Ice Cream

Dulce de Leche Ice Cream

by Shawnda on April 27, 2013

in Cinco de Mayo,Dulce de Leche,Ice Cream,Mexican & TexMex

Dulce de Leche Ice Cream

5 ingredients to heaven.

5 simple ingredients.

I don’t know that any single of ice cream has ever been so rich and decadent. And after being pretty much sugar-free for 30 days, I was good after a single bite.

Dulce de Leche Ice Cream

After officially wrapping up the Whole30, I wanted sushi rolls – complete with white rice. Jason wanted ice cream. Actually, Jason just wanted dessert. Something completely over-the-top, no chocolate.

And this ice cream totally qualifies as both.

His favorite ice cream, pre Whole30, was Haagen-Dazs Dulce de Leche. And it’s insanely easy to recreate at home – fresher, better, and for less expense – with just a handful of ingredients.

I tweaked the original recipe to:
1. Add more vanilla – you can never have too much vanilla to support those wonderful caramel notes.
2. Add the scrapings of a vanilla bean – everything tastes better studded with pretty flecks of vanilla bean
3. Swirl additional dulce de leche into the churned ice cream before freezing (well, as much as one can swirl it).

The final product:

Dulce de Leche Ice Cream

One small spoonful of heaven.

Dulce de Leche Ice Cream

Rich, decadent homemade dulce de leche ice cream studded with vanilla bean flecks.

Ingredients

  • 1 cup heavy cream
  • 2 cups whole milk
  • 2 cups dulce de leche, divided (or two cans of homemade dulce de leche using this method, with some leftovers)
  • 1 tsp vanilla
  • Scrapings from 1 vanilla bean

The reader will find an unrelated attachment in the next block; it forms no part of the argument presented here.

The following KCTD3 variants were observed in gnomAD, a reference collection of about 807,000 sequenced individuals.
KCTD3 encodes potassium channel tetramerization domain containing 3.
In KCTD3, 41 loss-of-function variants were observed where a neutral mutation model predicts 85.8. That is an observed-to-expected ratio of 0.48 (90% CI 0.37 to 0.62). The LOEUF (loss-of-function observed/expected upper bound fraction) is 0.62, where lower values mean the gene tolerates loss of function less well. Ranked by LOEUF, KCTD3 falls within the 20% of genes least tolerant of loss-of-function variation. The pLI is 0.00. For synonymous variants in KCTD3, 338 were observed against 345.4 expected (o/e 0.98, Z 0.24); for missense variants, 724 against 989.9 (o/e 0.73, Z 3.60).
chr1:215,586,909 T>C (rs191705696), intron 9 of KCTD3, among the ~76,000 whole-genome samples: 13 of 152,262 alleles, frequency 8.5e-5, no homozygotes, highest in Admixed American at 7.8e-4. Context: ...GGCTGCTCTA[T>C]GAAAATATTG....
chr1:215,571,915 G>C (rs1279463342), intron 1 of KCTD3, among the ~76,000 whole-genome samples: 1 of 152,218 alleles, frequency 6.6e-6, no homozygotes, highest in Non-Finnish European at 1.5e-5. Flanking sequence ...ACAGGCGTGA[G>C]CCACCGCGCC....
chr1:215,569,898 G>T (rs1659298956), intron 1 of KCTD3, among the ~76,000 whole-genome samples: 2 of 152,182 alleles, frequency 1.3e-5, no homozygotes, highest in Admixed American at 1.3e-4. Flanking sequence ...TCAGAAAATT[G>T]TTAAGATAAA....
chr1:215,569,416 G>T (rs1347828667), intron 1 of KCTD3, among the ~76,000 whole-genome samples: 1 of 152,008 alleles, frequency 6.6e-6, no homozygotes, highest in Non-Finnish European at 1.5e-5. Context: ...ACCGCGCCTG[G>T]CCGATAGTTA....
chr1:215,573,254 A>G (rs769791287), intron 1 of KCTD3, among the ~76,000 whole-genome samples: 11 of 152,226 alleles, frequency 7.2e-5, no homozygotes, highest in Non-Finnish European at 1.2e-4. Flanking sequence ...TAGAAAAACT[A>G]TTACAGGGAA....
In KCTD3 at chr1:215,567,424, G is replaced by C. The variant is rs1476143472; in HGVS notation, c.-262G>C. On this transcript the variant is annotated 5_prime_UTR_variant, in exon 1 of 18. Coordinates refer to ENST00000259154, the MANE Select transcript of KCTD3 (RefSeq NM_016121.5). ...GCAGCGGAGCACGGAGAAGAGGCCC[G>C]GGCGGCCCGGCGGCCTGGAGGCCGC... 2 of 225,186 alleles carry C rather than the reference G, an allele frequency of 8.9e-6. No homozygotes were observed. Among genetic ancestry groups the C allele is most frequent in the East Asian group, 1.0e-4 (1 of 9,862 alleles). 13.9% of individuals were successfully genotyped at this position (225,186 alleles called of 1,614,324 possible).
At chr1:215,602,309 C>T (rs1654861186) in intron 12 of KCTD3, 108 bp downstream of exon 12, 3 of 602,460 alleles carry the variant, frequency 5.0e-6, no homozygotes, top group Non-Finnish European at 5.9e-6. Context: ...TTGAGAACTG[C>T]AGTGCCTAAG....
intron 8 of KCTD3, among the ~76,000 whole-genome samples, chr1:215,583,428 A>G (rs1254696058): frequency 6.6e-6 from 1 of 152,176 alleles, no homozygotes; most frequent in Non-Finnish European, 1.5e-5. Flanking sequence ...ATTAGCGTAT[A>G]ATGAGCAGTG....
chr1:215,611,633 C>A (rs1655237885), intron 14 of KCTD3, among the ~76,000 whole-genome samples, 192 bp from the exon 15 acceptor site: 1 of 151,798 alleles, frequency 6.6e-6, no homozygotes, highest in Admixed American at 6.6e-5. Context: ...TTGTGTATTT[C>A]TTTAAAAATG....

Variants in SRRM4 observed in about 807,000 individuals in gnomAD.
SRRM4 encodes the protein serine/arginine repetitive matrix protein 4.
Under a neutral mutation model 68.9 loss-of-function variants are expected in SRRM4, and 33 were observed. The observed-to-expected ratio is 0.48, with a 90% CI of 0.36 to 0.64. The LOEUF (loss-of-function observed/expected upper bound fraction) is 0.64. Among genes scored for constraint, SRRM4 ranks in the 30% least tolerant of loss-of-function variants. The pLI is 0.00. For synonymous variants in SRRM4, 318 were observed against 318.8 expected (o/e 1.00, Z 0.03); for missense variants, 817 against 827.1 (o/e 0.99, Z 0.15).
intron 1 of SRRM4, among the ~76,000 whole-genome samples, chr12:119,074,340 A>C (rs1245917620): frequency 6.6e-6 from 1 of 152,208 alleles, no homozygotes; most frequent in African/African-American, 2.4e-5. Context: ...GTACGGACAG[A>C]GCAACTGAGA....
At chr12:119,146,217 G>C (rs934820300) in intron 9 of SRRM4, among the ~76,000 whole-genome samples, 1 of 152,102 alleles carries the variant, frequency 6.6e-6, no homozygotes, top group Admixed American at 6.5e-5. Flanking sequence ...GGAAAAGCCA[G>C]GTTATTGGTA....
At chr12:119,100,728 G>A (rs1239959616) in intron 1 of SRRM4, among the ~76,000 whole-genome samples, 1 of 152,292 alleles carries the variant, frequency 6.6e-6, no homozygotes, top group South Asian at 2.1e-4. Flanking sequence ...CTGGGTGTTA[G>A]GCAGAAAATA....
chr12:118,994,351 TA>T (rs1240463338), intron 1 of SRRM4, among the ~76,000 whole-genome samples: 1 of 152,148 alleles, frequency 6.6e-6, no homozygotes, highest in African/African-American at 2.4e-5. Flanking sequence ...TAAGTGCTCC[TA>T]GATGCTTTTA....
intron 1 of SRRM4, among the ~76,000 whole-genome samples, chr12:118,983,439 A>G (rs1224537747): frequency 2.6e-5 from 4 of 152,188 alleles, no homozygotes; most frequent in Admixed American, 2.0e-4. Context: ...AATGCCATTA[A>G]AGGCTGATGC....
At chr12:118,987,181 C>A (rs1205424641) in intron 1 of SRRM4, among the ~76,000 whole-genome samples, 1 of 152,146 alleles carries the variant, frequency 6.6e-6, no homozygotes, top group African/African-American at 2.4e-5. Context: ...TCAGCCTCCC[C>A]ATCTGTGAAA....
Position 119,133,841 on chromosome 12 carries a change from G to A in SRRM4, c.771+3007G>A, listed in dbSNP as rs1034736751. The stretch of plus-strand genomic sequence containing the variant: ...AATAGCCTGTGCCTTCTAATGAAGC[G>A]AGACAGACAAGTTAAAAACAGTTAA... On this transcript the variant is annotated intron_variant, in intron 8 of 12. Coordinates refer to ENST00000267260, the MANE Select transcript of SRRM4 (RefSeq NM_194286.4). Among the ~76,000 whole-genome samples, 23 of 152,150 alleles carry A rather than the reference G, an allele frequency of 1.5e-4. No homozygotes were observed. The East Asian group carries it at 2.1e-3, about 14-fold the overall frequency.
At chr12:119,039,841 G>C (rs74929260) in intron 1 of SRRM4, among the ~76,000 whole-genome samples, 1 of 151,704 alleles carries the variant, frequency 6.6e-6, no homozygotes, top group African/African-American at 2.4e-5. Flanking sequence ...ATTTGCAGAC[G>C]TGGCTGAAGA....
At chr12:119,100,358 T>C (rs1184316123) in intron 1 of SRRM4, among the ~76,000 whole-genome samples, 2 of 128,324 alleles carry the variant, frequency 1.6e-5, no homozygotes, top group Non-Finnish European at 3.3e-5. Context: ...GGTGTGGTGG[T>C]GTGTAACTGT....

Instructions

  1. Heat milk and cream in a medium pot over medium-high heat just until steaming.
  2. Remove from heat and whisk in 1 2/3 cup dulce de leche until completely smooth.
  3. Whisk in the vanilla and the scrapings of a vanilla bean.
  4. Transfer the mixture to a bowl and completely cool it (placing the bowl in the sink and adding ice water to the same level as the mixture inside the bowl will speed things along very quickly).
  5. Chill until completely cold.
  6. Transfer the mixture to your ice cream maker and run according to manufacturer instructions.
  7. Scoop out 1/3 of the ice cream into your freezer-bound container, drop small spoonfuls of half of the leftover dulce de leche on top.
  8. Scoop out another 1/3 of ice cream and repeat, using the remainder of the dulce de leche.
  9. Scoop the remaining ice cream over top, using a knife held vertically, give the ice cream a couple of swirls, and then transfer the container to the freezer until solid.

Notes

Yields: ~1 quart

Adapted from Gourmet (RIP)

Estimated time: 4 hours

FacebookTwitterTumblrShare

{ 21 comments }

Chocolate Cherry Ice Cream

If you love chocolate, cherries, and ice cream, you are in luck today. If you love skinny jeans and have problems with will power… I’m sorry. But look! I made you ice cream!

Our second recipe to celebrate National Ice Cream month is a dark chocolate ice cream, swirled with fudge ripple and chopped roasted cherries. I had intended to make the ice cream as a sundae, drizzling leftover fudge ripple over top and adding a cherry but the look in my husband’s eyes said, “Please don’t.”

Or maybe it said, “Do it and I’ll have you committed.” The two looks, they’re very similar.

Chocolate Cherry Ice Cream

I stopped looking for a chocolate ice cream recipe the day I stumbled across this one in The Perfect Scoop. It’s everything a chocolate ice cream should be: rich, dark, and insanely chocolatey (I even add an extra tablespoon of cocoa powder).

Making this ice cream involves making the ice cream and chilling it for a couple of hours in the fridge; roasting the cherries, chopping them, and then chilling them in the fridge; making the fudge ripple and then chilling it in the fridge. But you only have to make the fudge ripple once all summer. It keeps forever in the fridge.